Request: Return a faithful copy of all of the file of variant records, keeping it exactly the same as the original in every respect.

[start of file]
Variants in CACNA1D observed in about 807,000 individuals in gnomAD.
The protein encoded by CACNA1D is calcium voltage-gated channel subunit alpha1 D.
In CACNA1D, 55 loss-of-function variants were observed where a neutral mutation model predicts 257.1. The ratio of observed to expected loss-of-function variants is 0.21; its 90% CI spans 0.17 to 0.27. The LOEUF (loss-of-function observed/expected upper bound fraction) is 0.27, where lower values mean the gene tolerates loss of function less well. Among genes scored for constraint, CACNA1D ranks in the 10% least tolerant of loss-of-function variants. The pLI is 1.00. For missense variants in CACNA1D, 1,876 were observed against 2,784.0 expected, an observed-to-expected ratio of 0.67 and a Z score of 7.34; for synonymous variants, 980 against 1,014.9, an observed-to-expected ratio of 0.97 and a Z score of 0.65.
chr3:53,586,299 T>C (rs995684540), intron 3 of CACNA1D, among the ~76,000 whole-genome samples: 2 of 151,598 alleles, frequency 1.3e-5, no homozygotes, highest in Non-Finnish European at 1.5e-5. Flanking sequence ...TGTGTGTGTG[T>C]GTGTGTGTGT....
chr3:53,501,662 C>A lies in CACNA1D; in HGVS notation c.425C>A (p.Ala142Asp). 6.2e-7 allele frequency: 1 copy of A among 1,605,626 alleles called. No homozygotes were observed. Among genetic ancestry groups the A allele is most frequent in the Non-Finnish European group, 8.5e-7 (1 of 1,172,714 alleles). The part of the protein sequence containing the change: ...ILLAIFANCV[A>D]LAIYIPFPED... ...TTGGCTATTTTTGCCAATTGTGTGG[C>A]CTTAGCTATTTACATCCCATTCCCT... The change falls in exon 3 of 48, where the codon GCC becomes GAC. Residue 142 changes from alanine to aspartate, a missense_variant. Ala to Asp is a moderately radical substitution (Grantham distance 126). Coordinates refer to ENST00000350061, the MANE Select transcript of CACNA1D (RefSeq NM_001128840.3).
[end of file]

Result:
Variants in CACNA1D observed in about 807,000 individuals in gnomAD.
The protein encoded by CACNA1D is calcium voltage-gated channel subunit alpha1 D.
In CACNA1D, 55 loss-of-function variants were observed where a neutral mutation model predicts 257.1. The ratio of observed to expected loss-of-function variants is 0.21; its 90% CI spans 0.17 to 0.27. The LOEUF (loss-of-function observed/expected upper bound fraction) is 0.27, where lower values mean the gene tolerates loss of function less well. Among genes scored for constraint, CACNA1D ranks in the 10% least tolerant of loss-of-function variants. The pLI is 1.00. For missense variants in CACNA1D, 1,876 were observed against 2,784.0 expected, an observed-to-expected ratio of 0.67 and a Z score of 7.34; for synonymous variants, 980 against 1,014.9, an observed-to-expected ratio of 0.97 and a Z score of 0.65.
chr3:53,586,299 T>C (rs995684540), intron 3 of CACNA1D, among the ~76,000 whole-genome samples: 2 of 151,598 alleles, frequency 1.3e-5, no homozygotes, highest in Non-Finnish European at 1.5e-5. Flanking sequence ...TGTGTGTGTG[T>C]GTGTGTGTGT....
chr3:53,501,662 C>A lies in CACNA1D; in HGVS notation c.425C>A (p.Ala142Asp). 6.2e-7 allele frequency: 1 copy of A among 1,605,626 alleles called. No homozygotes were observed. Among genetic ancestry groups the A allele is most frequent in the Non-Finnish European group, 8.5e-7 (1 of 1,172,714 alleles). The part of the protein sequence containing the change: ...ILLAIFANCV[A>D]LAIYIPFPED... ...TTGGCTATTTTTGCCAATTGTGTGG[C>A]CTTAGCTATTTACATCCCATTCCCT... The change falls in exon 3 of 48, where the codon GCC becomes GAC. Residue 142 changes from alanine to aspartate, a missense_variant. Ala to Asp is a moderately radical substitution (Grantham distance 126). Coordinates refer to ENST00000350061, the MANE Select transcript of CACNA1D (RefSeq NM_001128840.3).